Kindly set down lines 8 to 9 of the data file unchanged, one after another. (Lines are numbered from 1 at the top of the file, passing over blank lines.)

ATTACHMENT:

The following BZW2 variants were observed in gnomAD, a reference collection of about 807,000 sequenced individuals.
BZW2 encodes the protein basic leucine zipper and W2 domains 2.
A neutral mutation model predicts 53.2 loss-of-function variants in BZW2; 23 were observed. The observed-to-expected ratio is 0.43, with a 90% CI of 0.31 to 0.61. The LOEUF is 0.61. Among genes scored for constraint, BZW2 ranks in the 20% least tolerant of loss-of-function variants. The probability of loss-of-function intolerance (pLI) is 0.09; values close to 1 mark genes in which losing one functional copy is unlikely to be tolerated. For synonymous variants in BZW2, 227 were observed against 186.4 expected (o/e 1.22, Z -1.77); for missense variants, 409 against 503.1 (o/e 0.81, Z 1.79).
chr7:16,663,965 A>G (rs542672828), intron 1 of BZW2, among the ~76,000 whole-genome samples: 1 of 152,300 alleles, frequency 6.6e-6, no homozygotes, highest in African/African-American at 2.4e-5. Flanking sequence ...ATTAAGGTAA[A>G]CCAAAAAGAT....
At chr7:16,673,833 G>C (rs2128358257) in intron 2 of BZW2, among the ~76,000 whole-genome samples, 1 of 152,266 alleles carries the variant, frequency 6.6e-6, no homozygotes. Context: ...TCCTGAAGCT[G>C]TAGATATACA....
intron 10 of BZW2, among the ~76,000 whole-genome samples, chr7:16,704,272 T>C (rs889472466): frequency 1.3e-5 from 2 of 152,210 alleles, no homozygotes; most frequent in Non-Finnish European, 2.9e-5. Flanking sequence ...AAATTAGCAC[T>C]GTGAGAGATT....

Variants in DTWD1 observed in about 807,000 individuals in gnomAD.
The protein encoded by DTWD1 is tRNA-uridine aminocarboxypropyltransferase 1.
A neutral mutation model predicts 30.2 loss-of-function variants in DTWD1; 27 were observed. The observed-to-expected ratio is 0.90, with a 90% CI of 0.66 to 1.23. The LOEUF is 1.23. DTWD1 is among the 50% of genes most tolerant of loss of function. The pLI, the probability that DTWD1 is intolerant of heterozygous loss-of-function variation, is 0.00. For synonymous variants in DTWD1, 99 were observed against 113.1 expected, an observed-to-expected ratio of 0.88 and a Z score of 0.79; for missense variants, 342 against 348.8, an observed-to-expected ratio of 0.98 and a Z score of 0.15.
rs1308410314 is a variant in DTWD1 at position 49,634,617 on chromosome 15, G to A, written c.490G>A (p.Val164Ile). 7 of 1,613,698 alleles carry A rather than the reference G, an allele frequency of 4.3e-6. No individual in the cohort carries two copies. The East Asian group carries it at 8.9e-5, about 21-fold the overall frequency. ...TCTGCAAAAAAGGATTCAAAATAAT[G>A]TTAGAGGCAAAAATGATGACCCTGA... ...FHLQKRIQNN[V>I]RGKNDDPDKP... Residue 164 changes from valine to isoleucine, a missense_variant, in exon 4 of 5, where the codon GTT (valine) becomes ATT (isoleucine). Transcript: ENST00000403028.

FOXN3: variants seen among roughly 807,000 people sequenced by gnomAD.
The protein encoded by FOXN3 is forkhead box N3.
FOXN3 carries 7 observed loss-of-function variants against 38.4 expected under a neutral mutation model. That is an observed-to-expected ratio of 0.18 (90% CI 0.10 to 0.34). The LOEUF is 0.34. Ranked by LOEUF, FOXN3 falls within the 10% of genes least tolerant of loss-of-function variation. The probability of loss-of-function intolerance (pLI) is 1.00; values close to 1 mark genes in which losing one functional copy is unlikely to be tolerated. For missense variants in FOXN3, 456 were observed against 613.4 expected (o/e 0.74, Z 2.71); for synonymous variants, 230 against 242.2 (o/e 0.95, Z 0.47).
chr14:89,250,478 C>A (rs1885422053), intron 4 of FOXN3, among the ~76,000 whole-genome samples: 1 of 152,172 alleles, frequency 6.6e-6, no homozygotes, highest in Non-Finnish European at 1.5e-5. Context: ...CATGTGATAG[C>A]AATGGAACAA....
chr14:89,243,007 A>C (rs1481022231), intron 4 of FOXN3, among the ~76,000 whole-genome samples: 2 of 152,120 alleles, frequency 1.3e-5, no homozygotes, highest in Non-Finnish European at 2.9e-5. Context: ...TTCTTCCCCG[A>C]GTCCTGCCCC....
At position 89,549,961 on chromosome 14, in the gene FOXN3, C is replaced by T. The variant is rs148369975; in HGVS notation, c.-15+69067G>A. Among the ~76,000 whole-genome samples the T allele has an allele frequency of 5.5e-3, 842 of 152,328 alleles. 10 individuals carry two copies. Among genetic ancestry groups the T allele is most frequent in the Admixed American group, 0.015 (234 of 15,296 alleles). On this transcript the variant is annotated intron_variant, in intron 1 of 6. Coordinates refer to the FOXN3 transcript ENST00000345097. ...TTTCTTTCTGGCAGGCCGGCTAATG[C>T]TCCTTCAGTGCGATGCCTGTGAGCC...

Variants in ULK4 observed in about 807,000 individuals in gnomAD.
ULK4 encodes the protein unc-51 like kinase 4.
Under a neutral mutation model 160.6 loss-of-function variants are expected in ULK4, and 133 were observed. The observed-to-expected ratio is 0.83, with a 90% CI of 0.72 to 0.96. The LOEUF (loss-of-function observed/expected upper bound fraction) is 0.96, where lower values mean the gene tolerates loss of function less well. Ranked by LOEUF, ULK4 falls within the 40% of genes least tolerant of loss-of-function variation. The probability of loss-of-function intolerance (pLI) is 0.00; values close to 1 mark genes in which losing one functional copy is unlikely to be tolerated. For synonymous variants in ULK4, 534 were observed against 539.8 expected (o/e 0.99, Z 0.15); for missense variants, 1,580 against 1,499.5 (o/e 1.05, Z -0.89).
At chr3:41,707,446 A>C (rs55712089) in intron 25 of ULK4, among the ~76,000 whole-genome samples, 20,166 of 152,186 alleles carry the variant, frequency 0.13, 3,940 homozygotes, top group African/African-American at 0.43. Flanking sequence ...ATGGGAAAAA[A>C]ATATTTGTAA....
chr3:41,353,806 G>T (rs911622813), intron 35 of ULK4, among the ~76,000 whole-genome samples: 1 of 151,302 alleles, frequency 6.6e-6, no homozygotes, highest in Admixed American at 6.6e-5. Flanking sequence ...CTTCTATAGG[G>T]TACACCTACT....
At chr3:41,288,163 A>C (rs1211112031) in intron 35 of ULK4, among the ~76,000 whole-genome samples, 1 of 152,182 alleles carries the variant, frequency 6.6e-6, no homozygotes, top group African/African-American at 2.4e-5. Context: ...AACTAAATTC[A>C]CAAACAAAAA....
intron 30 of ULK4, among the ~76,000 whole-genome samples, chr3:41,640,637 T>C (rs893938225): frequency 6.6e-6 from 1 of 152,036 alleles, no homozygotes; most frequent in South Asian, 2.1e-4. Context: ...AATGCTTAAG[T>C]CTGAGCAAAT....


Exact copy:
The protein encoded by DTWD1 is tRNA-uridine aminocarboxypropyltransferase 1.
A neutral mutation model predicts 30.2 loss-of-function variants in DTWD1; 27 were observed. The observed-to-expected ratio is 0.90, with a 90% CI of 0.66 to 1.23. The LOEUF is 1.23. DTWD1 is among the 50% of genes most tolerant of loss of function. The pLI, the probability that DTWD1 is intolerant of heterozygous loss-of-function variation, is 0.00. For synonymous variants in DTWD1, 99 were observed against 113.1 expected, an observed-to-expected ratio of 0.88 and a Z score of 0.79; for missense variants, 342 against 348.8, an observed-to-expected ratio of 0.98 and a Z score of 0.15.